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Seeing the Big Picture: The More You Know …

Feb16_PitagorskyThere is power in making sure everyone on a project sees the big picture. When performers know how what they are doing fits into the overall project plan and where the project fits in the overall strategy of an organization they can better perform their parts.

The Power of Seeing the Whole

Many of the projects we work on and manage are complicated. They combine multiple technologies and disciplines and occur in environments characterized by multiple organizations and organization units. Add to that the likelihood of cultural and other forms of diversity, personality differences and varying degrees of cultural intelligence, and the complicated becomes complex.

Over the past few decades, enlightened organizations have realized that this view is detrimental to quality and organizational effectiveness. For example, the automobile industry and other manufacturing industries realized that line workers who have a sense of what they are contributing to will more likely perform effectively and identify opportunities for improvement than people who are focused on one small set of tasks to create a widget and “throw it over the wall”. Paradoxically, the more complicated and complex the project, the greater the need for a statement that makes the big picture accessible to as many stakeholders as possible.

Why Managers Don’t Communicate the Big Picture

Yet the tendency to parse the project and reserve the big picture for senior people in a project office or leadership group persists.

Some managers think that all individuals and small teams need to know is their own piece of the project. They think “The big picture is too big and complex and it would only confuse the performers.” This view is also shared by many specialists and functional managers – “just tell me what you want and when you want it and I’ll deliver.” But, paradoxically, the more complicated and complex the project the greater the need for a big picture perspective because without it there is a greater likelihood of miscommunication, conflict and suboptimal performance.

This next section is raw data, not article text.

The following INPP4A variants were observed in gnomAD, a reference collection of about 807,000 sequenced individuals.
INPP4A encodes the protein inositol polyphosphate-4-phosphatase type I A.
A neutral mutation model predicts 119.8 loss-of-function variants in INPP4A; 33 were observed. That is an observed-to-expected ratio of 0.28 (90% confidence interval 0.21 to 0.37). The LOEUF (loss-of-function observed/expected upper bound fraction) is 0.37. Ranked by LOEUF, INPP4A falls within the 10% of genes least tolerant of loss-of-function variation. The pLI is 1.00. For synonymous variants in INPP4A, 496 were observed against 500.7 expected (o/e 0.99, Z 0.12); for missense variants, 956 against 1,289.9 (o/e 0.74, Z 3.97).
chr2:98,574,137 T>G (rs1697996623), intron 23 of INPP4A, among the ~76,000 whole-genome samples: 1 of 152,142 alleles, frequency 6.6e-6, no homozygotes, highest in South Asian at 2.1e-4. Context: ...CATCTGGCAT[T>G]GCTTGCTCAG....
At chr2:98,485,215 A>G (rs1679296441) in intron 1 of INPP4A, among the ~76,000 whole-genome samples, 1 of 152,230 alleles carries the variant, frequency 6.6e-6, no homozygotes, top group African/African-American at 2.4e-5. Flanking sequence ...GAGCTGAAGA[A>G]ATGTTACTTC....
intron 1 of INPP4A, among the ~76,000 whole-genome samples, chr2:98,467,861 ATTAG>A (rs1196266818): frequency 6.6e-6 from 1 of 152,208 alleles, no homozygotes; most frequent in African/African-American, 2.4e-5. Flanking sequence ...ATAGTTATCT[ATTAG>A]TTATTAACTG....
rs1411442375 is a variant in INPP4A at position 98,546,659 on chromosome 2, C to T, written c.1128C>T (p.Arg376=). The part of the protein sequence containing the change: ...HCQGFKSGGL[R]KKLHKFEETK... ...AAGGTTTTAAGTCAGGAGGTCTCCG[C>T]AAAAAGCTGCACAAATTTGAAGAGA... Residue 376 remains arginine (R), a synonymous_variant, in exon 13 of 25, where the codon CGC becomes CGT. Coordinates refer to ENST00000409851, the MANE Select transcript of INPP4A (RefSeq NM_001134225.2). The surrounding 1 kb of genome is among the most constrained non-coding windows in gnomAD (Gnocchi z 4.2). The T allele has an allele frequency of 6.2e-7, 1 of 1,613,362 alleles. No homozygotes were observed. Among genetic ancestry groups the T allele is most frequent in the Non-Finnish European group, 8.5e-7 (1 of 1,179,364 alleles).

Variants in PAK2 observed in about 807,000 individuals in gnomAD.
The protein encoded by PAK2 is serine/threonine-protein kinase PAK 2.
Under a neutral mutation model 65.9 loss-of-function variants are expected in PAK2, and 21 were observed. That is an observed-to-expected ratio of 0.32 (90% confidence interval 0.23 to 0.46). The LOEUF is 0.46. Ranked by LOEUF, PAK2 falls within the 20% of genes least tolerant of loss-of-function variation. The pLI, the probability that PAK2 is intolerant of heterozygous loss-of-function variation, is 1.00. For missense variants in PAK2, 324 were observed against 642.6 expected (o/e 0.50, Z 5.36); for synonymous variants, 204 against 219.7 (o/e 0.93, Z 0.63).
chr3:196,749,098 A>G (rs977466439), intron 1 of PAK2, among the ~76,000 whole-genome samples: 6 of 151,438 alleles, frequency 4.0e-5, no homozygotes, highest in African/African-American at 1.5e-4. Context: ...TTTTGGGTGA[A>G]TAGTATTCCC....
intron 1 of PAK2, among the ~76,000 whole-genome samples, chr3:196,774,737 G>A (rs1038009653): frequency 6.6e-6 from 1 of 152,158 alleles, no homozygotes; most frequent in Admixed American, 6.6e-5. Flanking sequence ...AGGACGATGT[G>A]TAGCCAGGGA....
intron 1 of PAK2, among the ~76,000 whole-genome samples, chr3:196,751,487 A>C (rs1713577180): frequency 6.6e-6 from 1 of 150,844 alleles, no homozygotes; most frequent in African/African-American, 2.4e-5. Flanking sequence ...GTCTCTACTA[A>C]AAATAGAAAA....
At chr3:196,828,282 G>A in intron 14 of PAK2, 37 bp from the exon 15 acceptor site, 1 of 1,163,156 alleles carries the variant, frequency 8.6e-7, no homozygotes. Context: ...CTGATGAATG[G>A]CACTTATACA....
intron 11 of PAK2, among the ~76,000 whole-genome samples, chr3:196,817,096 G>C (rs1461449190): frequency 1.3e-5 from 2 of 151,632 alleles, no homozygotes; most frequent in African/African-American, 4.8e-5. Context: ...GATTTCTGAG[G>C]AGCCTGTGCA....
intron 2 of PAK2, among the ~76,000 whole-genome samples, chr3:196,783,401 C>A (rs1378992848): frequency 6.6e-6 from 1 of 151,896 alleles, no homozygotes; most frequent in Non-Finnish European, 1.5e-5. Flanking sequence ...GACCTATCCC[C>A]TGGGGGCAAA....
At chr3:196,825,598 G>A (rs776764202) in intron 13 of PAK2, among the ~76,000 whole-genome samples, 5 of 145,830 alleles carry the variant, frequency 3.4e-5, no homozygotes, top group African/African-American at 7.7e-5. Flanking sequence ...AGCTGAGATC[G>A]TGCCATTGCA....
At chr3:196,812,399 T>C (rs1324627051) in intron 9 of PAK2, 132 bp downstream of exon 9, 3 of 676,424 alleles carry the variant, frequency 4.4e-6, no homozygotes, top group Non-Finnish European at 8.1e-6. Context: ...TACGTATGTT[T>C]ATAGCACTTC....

This persistence may be caused by

A distorted desire for control. A manager may feel that if only he or she knows the whole it is easier to direct performance and protect his/her job. A distorted sense of the capacity of the performers to understand the big picture. In project work it is likely that if the whole is described well everyone can understand it. This leads to the third cause. A lack of ability to articulate the big picture in a way that makes it accessible to different types of stake holders. A project of any complexity can be synthesized into a concise statement that provides a picture that is accessible to just about anyone with an interest. Too much work and not enough time to pick up one’s head long enough to understand the whole well enough to articulate it for oneself or others.

“Symphony” is the ability to see the big picture not only in terms of analysis, but also to integrate and synthesize to see that the whole is greater than the sum of all the parts. It is a capacity that each person has to a degree. The more this symphony is cultivated the easier it becomes to communicate and understand the project as a whole, the significance of each part to success, and the subtle interrelationships among the parts. The understanding makes for stronger morale and a higher likelihood of performance that goes beyond simply complying with ones small task requirements to contribute in a more effective way.

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George Pitagorsky

George Pitagorsky, integrates core disciplines and applies people centric systems and process thinking to achieve sustainable optimal performance. He is a coach, teacher and consultant. George authored The Zen Approach to Project Management, Managing Conflict and Managing Expectations and IIL’s PM Fundamentals™. He taught meditation at NY Insight Meditation Center for twenty-plus years and created the Conscious Living/Conscious Working and Wisdom in Relationships courses. Until recently, he worked as a CIO at the NYC Department of Education.

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